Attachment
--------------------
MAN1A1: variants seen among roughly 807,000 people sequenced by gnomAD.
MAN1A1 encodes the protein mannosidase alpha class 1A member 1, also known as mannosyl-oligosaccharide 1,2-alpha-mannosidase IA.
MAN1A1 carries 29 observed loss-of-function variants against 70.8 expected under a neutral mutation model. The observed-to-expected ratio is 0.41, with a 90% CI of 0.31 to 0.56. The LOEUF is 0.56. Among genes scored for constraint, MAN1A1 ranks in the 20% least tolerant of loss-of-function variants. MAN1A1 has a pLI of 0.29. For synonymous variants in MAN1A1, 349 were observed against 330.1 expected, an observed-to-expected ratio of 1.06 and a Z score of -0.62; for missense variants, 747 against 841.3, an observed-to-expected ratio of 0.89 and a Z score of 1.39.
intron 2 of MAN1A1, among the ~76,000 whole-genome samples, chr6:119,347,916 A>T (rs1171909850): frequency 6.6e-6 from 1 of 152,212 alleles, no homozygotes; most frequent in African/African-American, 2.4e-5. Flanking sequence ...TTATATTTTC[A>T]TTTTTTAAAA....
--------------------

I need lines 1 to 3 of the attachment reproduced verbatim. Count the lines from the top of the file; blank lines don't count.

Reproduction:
MAN1A1: variants seen among roughly 807,000 people sequenced by gnomAD.
MAN1A1 encodes the protein mannosidase alpha class 1A member 1, also known as mannosyl-oligosaccharide 1,2-alpha-mannosidase IA.
MAN1A1 carries 29 observed loss-of-function variants against 70.8 expected under a neutral mutation model. The observed-to-expected ratio is 0.41, with a 90% CI of 0.31 to 0.56. The LOEUF is 0.56. Among genes scored for constraint, MAN1A1 ranks in the 20% least tolerant of loss-of-function variants. MAN1A1 has a pLI of 0.29. For synonymous variants in MAN1A1, 349 were observed against 330.1 expected, an observed-to-expected ratio of 1.06 and a Z score of -0.62; for missense variants, 747 against 841.3, an observed-to-expected ratio of 0.89 and a Z score of 1.39.